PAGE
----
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Experts urge parents to keep mediation in mind

When a person makes the difficult decision to end their marriage, their soon-to-be former spouse can respond in a multitude of ways upon receiving the news. Some might feel shocked or even angry at first, but later come to the logical -- albeit sad -- conclusion that this is probably the best course of action. Others might be unable to let go of this anger and gear up for a prolonged divorce battle, while still others might greet the news with relief and look forward to moving on with the next chapter of their lives.

As you can probably figure out, the way a divorce ultimately unfolds has a lot to do with how the spouses feel about the split. Accordingly, the spouse gearing up for a divorce battle will likely resort to the courtroom to settle their differences, while those who are more accepting of the situation will perhaps be willing to try an alternative to traditional divorce such as mediation.

For those unfamiliar with mediation, it is essentially where the former spouses agree to come together -- either with or without attorneys -- at a neutral location to address such important issues as child support, spousal maintenance, child custody and property division. Here, the mediation session is run by a neutral third party mediator who helps the parties maintain a productive dialogue and work together to reach mutually acceptable solutions.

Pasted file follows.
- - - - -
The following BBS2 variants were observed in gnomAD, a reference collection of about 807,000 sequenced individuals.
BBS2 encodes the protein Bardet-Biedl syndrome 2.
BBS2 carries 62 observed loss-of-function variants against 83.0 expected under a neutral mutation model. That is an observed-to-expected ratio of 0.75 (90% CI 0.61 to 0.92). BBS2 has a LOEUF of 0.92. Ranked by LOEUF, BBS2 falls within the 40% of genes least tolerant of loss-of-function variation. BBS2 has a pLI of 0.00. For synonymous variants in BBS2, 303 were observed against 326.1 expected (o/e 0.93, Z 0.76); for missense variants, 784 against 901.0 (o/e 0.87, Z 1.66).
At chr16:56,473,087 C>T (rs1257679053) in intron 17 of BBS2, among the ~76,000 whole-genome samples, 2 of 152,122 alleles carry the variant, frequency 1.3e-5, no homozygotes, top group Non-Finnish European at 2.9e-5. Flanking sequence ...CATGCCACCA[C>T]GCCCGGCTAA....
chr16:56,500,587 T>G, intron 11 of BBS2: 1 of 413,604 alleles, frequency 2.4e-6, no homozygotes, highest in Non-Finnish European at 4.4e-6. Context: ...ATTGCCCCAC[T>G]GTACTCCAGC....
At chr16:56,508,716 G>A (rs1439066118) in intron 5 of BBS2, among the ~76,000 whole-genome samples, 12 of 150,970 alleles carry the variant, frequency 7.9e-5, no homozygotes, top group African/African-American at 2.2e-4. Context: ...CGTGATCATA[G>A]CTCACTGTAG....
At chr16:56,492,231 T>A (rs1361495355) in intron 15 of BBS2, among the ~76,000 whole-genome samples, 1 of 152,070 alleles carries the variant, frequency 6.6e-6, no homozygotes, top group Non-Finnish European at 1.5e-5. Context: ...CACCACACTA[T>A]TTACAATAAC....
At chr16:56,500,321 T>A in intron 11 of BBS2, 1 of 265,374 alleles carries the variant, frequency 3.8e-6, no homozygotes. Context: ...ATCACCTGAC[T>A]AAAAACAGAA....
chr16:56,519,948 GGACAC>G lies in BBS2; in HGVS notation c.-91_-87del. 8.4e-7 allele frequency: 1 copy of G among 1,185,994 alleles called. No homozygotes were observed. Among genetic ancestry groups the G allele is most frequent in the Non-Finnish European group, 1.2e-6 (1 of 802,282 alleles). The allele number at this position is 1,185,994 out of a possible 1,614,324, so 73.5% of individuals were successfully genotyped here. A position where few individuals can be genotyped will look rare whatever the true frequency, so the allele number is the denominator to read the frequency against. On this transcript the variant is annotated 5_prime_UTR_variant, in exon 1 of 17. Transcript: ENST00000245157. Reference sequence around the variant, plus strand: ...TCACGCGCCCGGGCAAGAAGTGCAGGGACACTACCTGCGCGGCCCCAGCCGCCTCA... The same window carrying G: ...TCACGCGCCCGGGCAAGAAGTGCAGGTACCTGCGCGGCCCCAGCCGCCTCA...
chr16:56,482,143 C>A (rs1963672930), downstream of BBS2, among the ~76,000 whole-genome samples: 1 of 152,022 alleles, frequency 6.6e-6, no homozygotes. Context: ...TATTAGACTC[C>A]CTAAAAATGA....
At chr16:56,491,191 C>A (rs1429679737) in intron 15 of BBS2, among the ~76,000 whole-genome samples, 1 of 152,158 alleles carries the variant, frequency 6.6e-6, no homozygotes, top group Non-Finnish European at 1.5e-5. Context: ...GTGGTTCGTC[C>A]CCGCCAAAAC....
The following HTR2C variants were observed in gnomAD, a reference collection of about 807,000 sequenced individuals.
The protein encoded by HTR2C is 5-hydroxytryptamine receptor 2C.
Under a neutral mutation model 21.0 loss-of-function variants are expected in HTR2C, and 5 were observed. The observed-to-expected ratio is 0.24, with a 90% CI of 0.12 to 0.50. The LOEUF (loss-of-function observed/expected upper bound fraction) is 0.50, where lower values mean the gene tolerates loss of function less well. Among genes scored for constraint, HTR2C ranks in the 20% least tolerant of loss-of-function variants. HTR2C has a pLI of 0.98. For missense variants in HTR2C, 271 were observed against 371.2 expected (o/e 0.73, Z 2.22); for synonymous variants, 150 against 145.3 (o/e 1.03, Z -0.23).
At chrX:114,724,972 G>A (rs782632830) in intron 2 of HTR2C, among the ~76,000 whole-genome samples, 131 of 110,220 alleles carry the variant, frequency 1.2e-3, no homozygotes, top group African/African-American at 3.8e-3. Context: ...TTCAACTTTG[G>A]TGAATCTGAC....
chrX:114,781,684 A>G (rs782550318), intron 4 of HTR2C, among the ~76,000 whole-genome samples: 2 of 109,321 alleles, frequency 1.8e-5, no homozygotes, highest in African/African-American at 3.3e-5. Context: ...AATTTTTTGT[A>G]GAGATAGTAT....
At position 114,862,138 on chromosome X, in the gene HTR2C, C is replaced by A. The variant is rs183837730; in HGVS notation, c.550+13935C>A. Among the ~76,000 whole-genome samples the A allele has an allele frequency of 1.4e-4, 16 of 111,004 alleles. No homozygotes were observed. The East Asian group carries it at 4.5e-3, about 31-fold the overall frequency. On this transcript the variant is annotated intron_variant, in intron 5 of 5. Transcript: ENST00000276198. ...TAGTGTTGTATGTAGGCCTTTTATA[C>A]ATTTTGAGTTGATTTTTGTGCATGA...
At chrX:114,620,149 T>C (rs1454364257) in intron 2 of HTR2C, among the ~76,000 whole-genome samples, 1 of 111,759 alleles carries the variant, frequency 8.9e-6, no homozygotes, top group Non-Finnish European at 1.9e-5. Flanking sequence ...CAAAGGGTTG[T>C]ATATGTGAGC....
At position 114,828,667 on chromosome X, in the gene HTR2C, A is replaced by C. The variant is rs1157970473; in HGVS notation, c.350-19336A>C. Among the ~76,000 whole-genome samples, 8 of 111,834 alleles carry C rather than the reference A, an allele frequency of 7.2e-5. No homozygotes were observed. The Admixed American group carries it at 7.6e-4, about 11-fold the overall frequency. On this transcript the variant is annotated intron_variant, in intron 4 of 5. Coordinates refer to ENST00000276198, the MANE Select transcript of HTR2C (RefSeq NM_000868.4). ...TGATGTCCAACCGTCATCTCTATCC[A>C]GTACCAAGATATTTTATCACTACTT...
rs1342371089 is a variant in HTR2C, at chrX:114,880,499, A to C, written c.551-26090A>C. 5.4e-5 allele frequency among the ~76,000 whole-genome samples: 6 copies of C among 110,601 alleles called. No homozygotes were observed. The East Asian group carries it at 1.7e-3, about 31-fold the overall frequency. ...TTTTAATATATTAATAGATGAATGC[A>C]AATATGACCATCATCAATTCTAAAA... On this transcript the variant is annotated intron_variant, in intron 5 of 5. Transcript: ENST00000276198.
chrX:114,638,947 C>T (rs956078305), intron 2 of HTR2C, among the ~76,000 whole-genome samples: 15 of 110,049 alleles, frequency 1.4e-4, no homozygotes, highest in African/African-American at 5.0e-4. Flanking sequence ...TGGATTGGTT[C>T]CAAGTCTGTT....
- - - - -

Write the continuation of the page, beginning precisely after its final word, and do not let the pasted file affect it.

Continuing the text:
While mediation can save couples both time and money, and help them preserve an amicable relationship going forward, experts urge them to remember that they can turn to mediation for more than just the initial divorce.

While a couple may have reached a solid agreement concerning child custody and visitation issues in the initial mediation, circumstances can change both suddenly and dramatically as the children grow or parental situations change. For example, a parent may have to relocate, or the children may be expressing interest in new activities or even schools that they want to attend.

Rather than letting these issues become contentious and emotionally draining for the children, parents can simply opt to return to mediation where they can redefine their priorities and once again work toward reaching mutually acceptable solutions with the help of a neutral third party.

According to experts, returning to mediation can help parents ensure that their goals are once again in harmony and prevent what was once an amicable relationship from souring.

Consider contacting an experienced family law attorney to learn more about mediation and other divorce-related options here in Texas.

Source: The Huffington Post, "Using mediation to keep your cool during divorce and beyond," Silvana Raso, August 27, 2013 

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